|(Image source: all image provided by Christopher Kezelos)|
Zero will be screening at the Melbourne International Animation Festival on Saturday 25th June at 4:15pm as part of the Australian Showcase.
Can you tell us a little about the story of Zero and some of the concepts and themes within the film?
When throwing around concepts for the film, Christine Kezelos the film's Producer and I kept coming back to the idea of a world of numbers. We felt the imagery held ripe potential for a fairytale and allowed us to explore themes of oppression and prejudice that has dominated cultures throughout human history. Even on an individual level, we have all felt marginalised or out cast in one way or another and we knew that this would strike a chord in audiences. We also wanted to show that through the power of love and through the desire to make a difference, one person can change their own lives and the lives of others.
Can you tell us a little about what inspired the look of the film? What made you decide to use stop motion animation instead of other animation techniques?
I had been going through a macro photography phase. The rich textures and short depths of field lent itself perfectly towards stop motion animation and was accesible through my stills camera. Christine and I imagined that characters made of 'wool' would be ideal for this medium, up close the individual fibres and detail was so appealing .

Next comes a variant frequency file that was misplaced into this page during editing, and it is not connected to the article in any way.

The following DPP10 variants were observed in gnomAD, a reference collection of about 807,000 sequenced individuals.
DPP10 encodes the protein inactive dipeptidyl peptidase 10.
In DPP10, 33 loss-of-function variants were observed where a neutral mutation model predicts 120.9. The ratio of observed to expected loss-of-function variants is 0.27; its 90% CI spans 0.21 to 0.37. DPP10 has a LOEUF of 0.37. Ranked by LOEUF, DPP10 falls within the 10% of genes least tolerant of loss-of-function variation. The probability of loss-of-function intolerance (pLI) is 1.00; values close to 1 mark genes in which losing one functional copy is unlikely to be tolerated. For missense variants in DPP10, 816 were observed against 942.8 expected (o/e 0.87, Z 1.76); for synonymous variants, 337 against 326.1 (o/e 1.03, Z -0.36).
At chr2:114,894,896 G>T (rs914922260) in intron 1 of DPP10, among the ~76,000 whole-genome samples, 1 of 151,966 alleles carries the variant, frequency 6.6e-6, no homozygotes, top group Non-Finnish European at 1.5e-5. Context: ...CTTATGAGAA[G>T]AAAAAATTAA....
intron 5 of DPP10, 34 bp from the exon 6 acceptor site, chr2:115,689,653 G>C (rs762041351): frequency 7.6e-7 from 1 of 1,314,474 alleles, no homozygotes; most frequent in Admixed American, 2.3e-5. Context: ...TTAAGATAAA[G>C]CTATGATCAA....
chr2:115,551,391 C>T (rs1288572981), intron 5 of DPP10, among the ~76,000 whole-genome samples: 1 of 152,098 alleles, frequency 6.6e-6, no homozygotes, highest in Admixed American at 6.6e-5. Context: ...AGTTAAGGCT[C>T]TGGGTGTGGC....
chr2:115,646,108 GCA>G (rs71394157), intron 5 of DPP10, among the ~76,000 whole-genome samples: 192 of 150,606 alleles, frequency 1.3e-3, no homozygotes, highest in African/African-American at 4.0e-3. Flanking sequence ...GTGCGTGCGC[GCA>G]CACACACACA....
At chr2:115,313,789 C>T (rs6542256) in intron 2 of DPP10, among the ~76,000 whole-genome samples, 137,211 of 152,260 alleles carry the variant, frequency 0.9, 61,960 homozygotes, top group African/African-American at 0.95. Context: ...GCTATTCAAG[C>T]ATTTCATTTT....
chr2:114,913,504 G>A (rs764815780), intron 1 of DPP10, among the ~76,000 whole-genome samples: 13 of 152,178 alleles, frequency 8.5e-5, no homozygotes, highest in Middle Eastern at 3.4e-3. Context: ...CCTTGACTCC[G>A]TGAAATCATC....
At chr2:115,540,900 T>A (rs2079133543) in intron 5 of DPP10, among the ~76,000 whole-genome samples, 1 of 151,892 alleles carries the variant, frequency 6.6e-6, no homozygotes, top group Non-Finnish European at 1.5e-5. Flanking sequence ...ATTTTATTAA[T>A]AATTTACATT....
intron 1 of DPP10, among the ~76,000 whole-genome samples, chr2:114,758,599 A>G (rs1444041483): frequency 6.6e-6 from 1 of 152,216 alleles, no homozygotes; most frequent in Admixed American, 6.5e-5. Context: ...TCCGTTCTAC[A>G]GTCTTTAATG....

Working with such a low budget, stop motion animation was an accessible technique for us. As we don't have any 2D/3D skills, this was something we could physically do ourselves.
Could you talk a little on the process of developing the main characters and how they came to the final result on screen? Did you have many different prototypes, how did you make them?
Zero and all of the characters are made from wire armatures set in silicone casts. We initially started with 10 cm and 15 cm tall prototypes but we were unable to obtain the desired range of movement. Our final characters were approximately 25 - 30cm tall. Once the puppets went through the armature, mold and casting production line, they were then passed onto Christine who put on her Fabrication hat and individually wrapped each one strand-by-strand with wool. This took 3 months full time to complete 27 characters which we then interchanged with 40+ heads and numbers.
We also have a number of projects in different stages of development including a feature stop motion animation and live action TV series.